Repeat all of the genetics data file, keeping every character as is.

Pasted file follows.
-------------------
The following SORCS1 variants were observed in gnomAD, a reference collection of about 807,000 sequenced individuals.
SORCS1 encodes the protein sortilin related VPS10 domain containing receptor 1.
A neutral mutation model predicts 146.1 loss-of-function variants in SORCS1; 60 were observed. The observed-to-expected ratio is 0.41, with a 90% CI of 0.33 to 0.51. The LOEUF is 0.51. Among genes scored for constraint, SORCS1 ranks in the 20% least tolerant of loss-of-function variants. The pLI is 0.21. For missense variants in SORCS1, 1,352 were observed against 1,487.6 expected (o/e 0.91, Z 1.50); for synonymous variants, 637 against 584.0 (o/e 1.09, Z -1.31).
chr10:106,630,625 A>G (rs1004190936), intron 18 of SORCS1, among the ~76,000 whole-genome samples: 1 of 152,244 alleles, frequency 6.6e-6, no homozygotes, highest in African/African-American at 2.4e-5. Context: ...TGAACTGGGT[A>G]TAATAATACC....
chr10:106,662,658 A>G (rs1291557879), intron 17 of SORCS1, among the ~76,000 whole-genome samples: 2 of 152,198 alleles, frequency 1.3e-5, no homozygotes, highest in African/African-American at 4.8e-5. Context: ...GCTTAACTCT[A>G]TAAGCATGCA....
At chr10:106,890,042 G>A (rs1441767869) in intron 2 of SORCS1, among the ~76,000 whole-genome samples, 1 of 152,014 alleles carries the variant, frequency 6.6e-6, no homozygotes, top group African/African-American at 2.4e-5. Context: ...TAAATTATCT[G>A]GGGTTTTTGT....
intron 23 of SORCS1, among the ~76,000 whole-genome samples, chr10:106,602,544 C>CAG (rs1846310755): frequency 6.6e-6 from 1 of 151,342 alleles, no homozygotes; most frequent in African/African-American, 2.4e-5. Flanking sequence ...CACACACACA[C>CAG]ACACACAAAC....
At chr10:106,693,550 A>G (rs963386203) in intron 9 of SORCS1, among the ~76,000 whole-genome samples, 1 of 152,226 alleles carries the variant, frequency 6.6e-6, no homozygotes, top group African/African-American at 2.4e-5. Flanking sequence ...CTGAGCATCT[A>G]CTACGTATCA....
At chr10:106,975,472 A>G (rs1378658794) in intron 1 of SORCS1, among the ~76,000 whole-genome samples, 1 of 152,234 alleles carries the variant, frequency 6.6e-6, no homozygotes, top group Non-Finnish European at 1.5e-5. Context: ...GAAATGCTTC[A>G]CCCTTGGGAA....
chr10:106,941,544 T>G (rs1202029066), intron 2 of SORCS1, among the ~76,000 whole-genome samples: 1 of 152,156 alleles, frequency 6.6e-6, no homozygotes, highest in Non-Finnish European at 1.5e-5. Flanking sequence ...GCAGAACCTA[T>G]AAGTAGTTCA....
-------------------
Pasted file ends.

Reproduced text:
The following SORCS1 variants were observed in gnomAD, a reference collection of about 807,000 sequenced individuals.
SORCS1 encodes the protein sortilin related VPS10 domain containing receptor 1.
A neutral mutation model predicts 146.1 loss-of-function variants in SORCS1; 60 were observed. The observed-to-expected ratio is 0.41, with a 90% CI of 0.33 to 0.51. The LOEUF is 0.51. Among genes scored for constraint, SORCS1 ranks in the 20% least tolerant of loss-of-function variants. The pLI is 0.21. For missense variants in SORCS1, 1,352 were observed against 1,487.6 expected (o/e 0.91, Z 1.50); for synonymous variants, 637 against 584.0 (o/e 1.09, Z -1.31).
chr10:106,630,625 A>G (rs1004190936), intron 18 of SORCS1, among the ~76,000 whole-genome samples: 1 of 152,244 alleles, frequency 6.6e-6, no homozygotes, highest in African/African-American at 2.4e-5. Context: ...TGAACTGGGT[A>G]TAATAATACC....
chr10:106,662,658 A>G (rs1291557879), intron 17 of SORCS1, among the ~76,000 whole-genome samples: 2 of 152,198 alleles, frequency 1.3e-5, no homozygotes, highest in African/African-American at 4.8e-5. Context: ...GCTTAACTCT[A>G]TAAGCATGCA....
At chr10:106,890,042 G>A (rs1441767869) in intron 2 of SORCS1, among the ~76,000 whole-genome samples, 1 of 152,014 alleles carries the variant, frequency 6.6e-6, no homozygotes, top group African/African-American at 2.4e-5. Context: ...TAAATTATCT[G>A]GGGTTTTTGT....
intron 23 of SORCS1, among the ~76,000 whole-genome samples, chr10:106,602,544 C>CAG (rs1846310755): frequency 6.6e-6 from 1 of 151,342 alleles, no homozygotes; most frequent in African/African-American, 2.4e-5. Flanking sequence ...CACACACACA[C>CAG]ACACACAAAC....
At chr10:106,693,550 A>G (rs963386203) in intron 9 of SORCS1, among the ~76,000 whole-genome samples, 1 of 152,226 alleles carries the variant, frequency 6.6e-6, no homozygotes, top group African/African-American at 2.4e-5. Flanking sequence ...CTGAGCATCT[A>G]CTACGTATCA....
At chr10:106,975,472 A>G (rs1378658794) in intron 1 of SORCS1, among the ~76,000 whole-genome samples, 1 of 152,234 alleles carries the variant, frequency 6.6e-6, no homozygotes, top group Non-Finnish European at 1.5e-5. Context: ...GAAATGCTTC[A>G]CCCTTGGGAA....
chr10:106,941,544 T>G (rs1202029066), intron 2 of SORCS1, among the ~76,000 whole-genome samples: 1 of 152,156 alleles, frequency 6.6e-6, no homozygotes, highest in Non-Finnish European at 1.5e-5. Flanking sequence ...GCAGAACCTA[T>G]AAGTAGTTCA....